Forum: Ruby Pattern Matching Problem

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425cab08658a06567879717de154552c?d=identicon&s=25 Ari Brown (Guest)
on 2007-07-06 02:51
(Received via mailing list)
Ok. I have a major pattern matching problem. In essence, right now
the word i am trying to match is "hello", WITH double quotes around it.

Why isn't this working? It always hits the else part of my case-when
loop.

write_file = open('albuminfo.txt', 'w')
lines.each do |line|
   puts line
   case line
   when line =~ /^(.+)$/
     write_file.puts('"#{$1}"')
     write_file.close
     print '.'
   else
     print '$'
   end
end

It doesn't want to match!

Please don't let me drown,
---------------------------------------------------------------|
~Ari
"I don't suffer from insanity. I enjoy every minute of it" --1337est
man alive
1fba4539b6cafe2e60a2916fa184fc2f?d=identicon&s=25 unknown (Guest)
on 2007-07-06 02:57
(Received via mailing list)
Hi --

On Fri, 6 Jul 2007, Ari Brown wrote:

>   write_file.puts('"#{$1}"')
>   write_file.close
>   print '.'
> else
>   print '$'
> end
> end
>
> It doesn't want to match!

You're using case/when wrong.  You've got:

   case line
   when (some expression that is nil or an integer) ....

So you're really saying:

   if (nil or integer) === line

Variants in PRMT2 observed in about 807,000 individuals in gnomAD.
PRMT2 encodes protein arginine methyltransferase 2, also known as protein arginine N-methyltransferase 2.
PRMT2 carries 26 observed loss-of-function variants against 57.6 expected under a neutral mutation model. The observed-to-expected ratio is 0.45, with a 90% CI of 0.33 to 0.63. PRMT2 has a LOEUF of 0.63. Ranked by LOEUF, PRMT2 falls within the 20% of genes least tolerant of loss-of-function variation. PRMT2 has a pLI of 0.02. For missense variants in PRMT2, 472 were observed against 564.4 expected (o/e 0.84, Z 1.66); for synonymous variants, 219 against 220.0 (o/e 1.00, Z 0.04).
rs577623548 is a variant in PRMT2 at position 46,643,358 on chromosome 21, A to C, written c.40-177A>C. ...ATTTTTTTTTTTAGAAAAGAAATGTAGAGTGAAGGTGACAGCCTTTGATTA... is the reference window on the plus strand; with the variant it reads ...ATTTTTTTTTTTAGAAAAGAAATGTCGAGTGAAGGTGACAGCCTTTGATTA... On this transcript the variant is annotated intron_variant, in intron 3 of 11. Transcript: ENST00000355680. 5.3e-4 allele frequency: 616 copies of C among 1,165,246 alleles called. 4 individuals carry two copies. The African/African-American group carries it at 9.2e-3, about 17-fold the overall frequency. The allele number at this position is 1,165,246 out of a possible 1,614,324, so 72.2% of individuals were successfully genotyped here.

You can either use a base case:

   case
   when line =~ /.../

or just use if/else, which to me seems more straightforward here.


David
0107ef1bc42d0626a706ca6af9a43060?d=identicon&s=25 Jos Backus (Guest)
on 2007-07-06 02:59
(Received via mailing list)
On Fri, Jul 06, 2007 at 09:50:13AM +0900, Ari Brown wrote:
> Ok. I have a major pattern matching problem. In essence, right now the word
> i am trying to match is "hello", WITH double quotes around it.
>
> Why isn't this working? It always hits the else part of my case-when loop.
>
> write_file = open('albuminfo.txt', 'w')
> lines.each do |line|
>   puts line
>   case line
>   when line =~ /^(.+)$/

when /^(.+)$/
1fba4539b6cafe2e60a2916fa184fc2f?d=identicon&s=25 unknown (Guest)
on 2007-07-06 03:03
(Received via mailing list)
Hi --

On Fri, 6 Jul 2007, Jos Backus wrote:

>>   when line =~ /^(.+)$/
>
> when /^(.+)$/

Or that :-)  (see my post which mentioned two solutions but not this
one)


David
F3b02532d4cb4855881935c002389213?d=identicon&s=25 Morton Goldberg (Guest)
on 2007-07-06 05:29
(Received via mailing list)
On Jul 5, 2007, at 8:50 PM, Ari Brown wrote:

>   case line
>   when line =~ /^(.+)$/
>     write_file.puts('"#{$1}"')
>     write_file.close
>     print '.'
>   else
>     print '$'
>   end
> end

Others have pointed out a problem with your case statement, but I
think there's another problem here -- your #{$1} substitution isn't
going to work in single-quoted string.

Regards, Morton
C06869c119472a139eb163b72040b0db?d=identicon&s=25 Bertram Scharpf (Guest)
on 2007-07-06 10:05
(Received via mailing list)
Hi,

Am Freitag, 06. Jul 2007, 12:27:40 +0900 schrieb Morton Goldberg:
> On Jul 5, 2007, at 8:50 PM, Ari Brown wrote:
>
> >  when line =~ /^(.+)$/
> >    write_file.puts('"#{$1}"')
>
> Others have pointed out a problem with your case statement, but I
> think there's another problem here -- your #{$1} substitution isn't
> going to work in single-quoted string.

Further, the grouping is superfluous.

   when /^.+$/ then
     do_sth_with $&

will do.

As `line' will alwas contain a single newline character at
the strings end and as /./ will never match that, even